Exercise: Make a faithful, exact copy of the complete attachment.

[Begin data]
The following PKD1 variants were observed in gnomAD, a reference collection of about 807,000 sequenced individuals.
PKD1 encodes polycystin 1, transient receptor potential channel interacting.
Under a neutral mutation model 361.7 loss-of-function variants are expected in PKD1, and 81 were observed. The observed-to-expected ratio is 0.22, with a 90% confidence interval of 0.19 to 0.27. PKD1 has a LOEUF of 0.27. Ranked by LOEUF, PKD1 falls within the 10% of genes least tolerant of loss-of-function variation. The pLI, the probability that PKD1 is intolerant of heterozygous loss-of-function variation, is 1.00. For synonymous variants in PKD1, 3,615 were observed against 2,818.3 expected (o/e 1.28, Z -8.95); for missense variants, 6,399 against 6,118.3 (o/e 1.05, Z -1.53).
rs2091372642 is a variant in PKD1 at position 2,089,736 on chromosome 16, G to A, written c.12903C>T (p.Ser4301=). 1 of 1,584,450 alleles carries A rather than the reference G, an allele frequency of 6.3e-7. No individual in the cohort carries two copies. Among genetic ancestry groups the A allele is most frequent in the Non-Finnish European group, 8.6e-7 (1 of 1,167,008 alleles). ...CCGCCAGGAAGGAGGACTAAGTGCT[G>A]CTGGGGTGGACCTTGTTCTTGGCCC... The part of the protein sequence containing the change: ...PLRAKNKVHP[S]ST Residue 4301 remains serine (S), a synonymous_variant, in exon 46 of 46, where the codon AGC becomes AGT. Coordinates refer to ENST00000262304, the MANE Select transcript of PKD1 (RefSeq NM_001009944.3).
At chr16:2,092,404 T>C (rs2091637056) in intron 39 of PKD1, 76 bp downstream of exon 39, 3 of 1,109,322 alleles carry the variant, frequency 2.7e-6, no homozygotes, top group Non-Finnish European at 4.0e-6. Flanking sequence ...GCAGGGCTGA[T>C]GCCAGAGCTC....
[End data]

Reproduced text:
The following PKD1 variants were observed in gnomAD, a reference collection of about 807,000 sequenced individuals.
PKD1 encodes polycystin 1, transient receptor potential channel interacting.
Under a neutral mutation model 361.7 loss-of-function variants are expected in PKD1, and 81 were observed. The observed-to-expected ratio is 0.22, with a 90% confidence interval of 0.19 to 0.27. PKD1 has a LOEUF of 0.27. Ranked by LOEUF, PKD1 falls within the 10% of genes least tolerant of loss-of-function variation. The pLI, the probability that PKD1 is intolerant of heterozygous loss-of-function variation, is 1.00. For synonymous variants in PKD1, 3,615 were observed against 2,818.3 expected (o/e 1.28, Z -8.95); for missense variants, 6,399 against 6,118.3 (o/e 1.05, Z -1.53).
rs2091372642 is a variant in PKD1 at position 2,089,736 on chromosome 16, G to A, written c.12903C>T (p.Ser4301=). 1 of 1,584,450 alleles carries A rather than the reference G, an allele frequency of 6.3e-7. No individual in the cohort carries two copies. Among genetic ancestry groups the A allele is most frequent in the Non-Finnish European group, 8.6e-7 (1 of 1,167,008 alleles). ...CCGCCAGGAAGGAGGACTAAGTGCT[G>A]CTGGGGTGGACCTTGTTCTTGGCCC... The part of the protein sequence containing the change: ...PLRAKNKVHP[S]ST Residue 4301 remains serine (S), a synonymous_variant, in exon 46 of 46, where the codon AGC becomes AGT. Coordinates refer to ENST00000262304, the MANE Select transcript of PKD1 (RefSeq NM_001009944.3).
At chr16:2,092,404 T>C (rs2091637056) in intron 39 of PKD1, 76 bp downstream of exon 39, 3 of 1,109,322 alleles carry the variant, frequency 2.7e-6, no homozygotes, top group Non-Finnish European at 4.0e-6. Flanking sequence ...GCAGGGCTGA[T>C]GCCAGAGCTC....